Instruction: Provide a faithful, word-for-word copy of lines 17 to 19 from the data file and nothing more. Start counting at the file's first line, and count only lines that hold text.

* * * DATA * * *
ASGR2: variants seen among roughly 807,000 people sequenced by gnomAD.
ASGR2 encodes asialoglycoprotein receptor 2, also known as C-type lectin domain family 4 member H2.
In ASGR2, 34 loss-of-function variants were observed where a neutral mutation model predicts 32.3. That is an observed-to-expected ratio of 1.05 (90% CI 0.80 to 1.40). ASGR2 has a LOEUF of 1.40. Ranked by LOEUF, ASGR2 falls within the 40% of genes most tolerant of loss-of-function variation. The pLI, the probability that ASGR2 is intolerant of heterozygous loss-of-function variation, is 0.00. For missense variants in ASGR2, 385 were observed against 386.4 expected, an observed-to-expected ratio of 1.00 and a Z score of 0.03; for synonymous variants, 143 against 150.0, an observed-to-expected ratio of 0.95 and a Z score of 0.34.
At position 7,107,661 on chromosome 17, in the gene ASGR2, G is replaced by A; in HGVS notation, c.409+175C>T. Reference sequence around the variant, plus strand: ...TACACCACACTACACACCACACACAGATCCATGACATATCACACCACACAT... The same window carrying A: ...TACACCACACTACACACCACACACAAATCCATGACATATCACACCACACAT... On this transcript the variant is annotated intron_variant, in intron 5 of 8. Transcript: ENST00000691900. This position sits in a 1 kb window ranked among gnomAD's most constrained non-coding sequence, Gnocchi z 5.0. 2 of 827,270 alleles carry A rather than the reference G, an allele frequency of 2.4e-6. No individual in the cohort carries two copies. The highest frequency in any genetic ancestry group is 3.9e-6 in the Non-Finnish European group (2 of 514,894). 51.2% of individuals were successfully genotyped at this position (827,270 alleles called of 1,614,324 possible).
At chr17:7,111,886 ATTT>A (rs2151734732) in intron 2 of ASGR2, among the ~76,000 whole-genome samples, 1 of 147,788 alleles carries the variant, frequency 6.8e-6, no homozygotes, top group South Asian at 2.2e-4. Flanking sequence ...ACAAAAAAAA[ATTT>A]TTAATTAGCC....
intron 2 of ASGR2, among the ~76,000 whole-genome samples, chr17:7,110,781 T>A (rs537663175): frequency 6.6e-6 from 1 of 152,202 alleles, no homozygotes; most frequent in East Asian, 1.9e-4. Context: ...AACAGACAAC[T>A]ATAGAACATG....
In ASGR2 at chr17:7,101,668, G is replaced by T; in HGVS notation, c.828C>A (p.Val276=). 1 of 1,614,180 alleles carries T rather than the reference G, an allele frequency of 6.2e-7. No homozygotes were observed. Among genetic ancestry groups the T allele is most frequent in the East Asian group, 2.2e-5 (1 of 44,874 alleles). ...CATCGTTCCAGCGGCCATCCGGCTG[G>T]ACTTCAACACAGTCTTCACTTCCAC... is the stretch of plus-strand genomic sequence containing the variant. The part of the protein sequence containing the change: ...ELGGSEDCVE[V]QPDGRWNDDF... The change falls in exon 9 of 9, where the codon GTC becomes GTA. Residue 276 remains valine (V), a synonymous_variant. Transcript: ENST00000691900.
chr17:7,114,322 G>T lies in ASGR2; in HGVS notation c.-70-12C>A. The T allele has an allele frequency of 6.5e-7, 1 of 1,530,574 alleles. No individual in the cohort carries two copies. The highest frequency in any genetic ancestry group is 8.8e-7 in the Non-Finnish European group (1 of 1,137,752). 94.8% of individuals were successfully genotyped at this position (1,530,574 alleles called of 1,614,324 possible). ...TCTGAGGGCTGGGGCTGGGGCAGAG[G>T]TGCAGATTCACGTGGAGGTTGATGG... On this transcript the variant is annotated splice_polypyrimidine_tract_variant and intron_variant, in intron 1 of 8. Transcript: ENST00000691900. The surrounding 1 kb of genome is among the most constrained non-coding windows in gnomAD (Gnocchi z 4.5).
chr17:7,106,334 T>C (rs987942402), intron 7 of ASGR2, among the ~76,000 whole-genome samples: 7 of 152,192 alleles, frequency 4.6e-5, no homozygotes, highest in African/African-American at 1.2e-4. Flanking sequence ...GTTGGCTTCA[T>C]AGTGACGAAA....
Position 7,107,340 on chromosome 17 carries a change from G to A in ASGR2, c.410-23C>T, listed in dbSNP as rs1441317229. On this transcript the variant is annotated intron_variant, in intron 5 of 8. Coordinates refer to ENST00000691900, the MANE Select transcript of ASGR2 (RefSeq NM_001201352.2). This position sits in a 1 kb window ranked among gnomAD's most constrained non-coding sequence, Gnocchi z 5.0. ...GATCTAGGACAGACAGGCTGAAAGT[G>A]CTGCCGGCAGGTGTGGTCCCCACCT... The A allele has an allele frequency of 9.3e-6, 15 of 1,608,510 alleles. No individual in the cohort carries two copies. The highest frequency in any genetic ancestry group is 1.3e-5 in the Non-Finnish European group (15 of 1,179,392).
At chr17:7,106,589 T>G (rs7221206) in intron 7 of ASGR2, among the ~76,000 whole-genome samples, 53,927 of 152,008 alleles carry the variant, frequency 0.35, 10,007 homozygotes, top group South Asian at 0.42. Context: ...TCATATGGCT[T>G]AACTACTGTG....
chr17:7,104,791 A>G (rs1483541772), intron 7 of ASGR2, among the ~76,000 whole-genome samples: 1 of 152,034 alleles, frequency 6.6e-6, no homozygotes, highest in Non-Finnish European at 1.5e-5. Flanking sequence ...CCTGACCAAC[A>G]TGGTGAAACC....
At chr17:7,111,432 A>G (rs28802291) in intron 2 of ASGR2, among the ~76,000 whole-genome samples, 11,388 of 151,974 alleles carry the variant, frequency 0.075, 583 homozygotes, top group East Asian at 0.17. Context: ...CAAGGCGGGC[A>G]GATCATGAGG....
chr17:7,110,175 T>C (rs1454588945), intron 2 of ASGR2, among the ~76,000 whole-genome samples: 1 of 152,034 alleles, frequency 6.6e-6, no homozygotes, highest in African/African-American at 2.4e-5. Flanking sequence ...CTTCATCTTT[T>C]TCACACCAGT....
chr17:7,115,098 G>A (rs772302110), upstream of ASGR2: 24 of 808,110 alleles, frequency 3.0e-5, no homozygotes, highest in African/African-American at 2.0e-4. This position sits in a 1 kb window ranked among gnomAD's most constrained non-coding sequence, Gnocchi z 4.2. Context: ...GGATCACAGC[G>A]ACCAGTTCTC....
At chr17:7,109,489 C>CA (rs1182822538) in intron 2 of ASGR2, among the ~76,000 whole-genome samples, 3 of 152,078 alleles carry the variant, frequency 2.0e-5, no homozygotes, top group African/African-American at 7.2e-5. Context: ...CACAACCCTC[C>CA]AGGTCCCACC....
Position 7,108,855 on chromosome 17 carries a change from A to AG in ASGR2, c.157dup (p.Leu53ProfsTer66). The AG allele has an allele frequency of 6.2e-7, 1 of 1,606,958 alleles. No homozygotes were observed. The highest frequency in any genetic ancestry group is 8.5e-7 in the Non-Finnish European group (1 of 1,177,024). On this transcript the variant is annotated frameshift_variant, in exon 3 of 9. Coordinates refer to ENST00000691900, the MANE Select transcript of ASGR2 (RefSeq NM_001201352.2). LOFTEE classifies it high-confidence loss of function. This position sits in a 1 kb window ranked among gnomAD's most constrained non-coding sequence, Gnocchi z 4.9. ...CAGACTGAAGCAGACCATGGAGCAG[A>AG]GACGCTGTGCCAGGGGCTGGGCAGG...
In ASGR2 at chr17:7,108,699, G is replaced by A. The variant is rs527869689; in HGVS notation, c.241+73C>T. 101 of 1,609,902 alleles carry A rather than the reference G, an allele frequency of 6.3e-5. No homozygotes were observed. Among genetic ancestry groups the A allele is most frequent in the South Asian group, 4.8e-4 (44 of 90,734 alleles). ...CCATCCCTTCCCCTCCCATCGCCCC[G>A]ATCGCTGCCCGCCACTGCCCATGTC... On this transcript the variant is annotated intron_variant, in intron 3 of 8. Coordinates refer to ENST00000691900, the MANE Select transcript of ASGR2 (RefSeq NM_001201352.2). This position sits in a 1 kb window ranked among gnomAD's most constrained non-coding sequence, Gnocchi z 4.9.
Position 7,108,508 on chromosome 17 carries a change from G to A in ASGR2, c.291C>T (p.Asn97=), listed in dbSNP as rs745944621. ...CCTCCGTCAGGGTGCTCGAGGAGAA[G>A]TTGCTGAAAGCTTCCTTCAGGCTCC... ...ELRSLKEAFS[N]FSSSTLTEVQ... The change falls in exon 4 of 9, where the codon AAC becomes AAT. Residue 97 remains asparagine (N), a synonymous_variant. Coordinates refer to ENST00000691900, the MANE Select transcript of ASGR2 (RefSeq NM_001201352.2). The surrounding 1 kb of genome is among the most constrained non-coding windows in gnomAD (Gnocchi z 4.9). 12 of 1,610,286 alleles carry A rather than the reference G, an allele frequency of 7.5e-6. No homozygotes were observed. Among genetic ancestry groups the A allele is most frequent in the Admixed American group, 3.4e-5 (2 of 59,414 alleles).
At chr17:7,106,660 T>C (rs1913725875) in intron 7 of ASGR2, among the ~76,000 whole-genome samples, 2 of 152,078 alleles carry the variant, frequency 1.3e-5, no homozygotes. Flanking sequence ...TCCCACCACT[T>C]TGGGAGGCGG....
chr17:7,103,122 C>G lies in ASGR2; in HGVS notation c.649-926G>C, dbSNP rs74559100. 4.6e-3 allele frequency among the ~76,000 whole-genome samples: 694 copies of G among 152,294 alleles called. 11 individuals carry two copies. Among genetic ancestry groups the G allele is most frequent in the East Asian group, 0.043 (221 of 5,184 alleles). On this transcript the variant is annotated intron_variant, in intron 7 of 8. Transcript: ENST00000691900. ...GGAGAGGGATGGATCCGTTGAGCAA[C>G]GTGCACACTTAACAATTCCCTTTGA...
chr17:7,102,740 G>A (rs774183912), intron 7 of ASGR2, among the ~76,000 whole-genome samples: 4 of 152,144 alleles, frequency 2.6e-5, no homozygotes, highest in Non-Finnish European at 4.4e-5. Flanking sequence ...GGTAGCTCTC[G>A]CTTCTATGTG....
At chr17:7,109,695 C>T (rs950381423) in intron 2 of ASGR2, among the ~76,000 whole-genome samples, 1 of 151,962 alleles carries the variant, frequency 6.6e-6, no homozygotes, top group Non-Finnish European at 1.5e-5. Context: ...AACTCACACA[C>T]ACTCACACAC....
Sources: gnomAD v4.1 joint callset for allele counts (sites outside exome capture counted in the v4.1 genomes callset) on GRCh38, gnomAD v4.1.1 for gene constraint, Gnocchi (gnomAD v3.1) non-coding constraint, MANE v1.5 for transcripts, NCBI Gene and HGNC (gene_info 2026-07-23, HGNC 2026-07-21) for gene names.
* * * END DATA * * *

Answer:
Position 7,108,855 on chromosome 17 carries a change from A to AG in ASGR2, c.157dup (p.Leu53ProfsTer66). The AG allele has an allele frequency of 6.2e-7, 1 of 1,606,958 alleles. No homozygotes were observed. The highest frequency in any genetic ancestry group is 8.5e-7 in the Non-Finnish European group (1 of 1,177,024). On this transcript the variant is annotated frameshift_variant, in exon 3 of 9. Coordinates refer to ENST00000691900, the MANE Select transcript of ASGR2 (RefSeq NM_001201352.2). LOFTEE classifies it high-confidence loss of function. This position sits in a 1 kb window ranked among gnomAD's most constrained non-coding sequence, Gnocchi z 4.9. ...CAGACTGAAGCAGACCATGGAGCAG[A>AG]GACGCTGTGCCAGGGGCTGGGCAGG...
In ASGR2 at chr17:7,108,699, G is replaced by A. The variant is rs527869689; in HGVS notation, c.241+73C>T. 101 of 1,609,902 alleles carry A rather than the reference G, an allele frequency of 6.3e-5. No homozygotes were observed. Among genetic ancestry groups the A allele is most frequent in the South Asian group, 4.8e-4 (44 of 90,734 alleles). ...CCATCCCTTCCCCTCCCATCGCCCC[G>A]ATCGCTGCCCGCCACTGCCCATGTC... On this transcript the variant is annotated intron_variant, in intron 3 of 8. Coordinates refer to ENST00000691900, the MANE Select transcript of ASGR2 (RefSeq NM_001201352.2). This position sits in a 1 kb window ranked among gnomAD's most constrained non-coding sequence, Gnocchi z 4.9.
Position 7,108,508 on chromosome 17 carries a change from G to A in ASGR2, c.291C>T (p.Asn97=), listed in dbSNP as rs745944621. ...CCTCCGTCAGGGTGCTCGAGGAGAA[G>A]TTGCTGAAAGCTTCCTTCAGGCTCC... ...ELRSLKEAFS[N]FSSSTLTEVQ... The change falls in exon 4 of 9, where the codon AAC becomes AAT. Residue 97 remains asparagine (N), a synonymous_variant. Coordinates refer to ENST00000691900, the MANE Select transcript of ASGR2 (RefSeq NM_001201352.2). The surrounding 1 kb of genome is among the most constrained non-coding windows in gnomAD (Gnocchi z 4.9). 12 of 1,610,286 alleles carry A rather than the reference G, an allele frequency of 7.5e-6. No homozygotes were observed. Among genetic ancestry groups the A allele is most frequent in the Admixed American group, 3.4e-5 (2 of 59,414 alleles).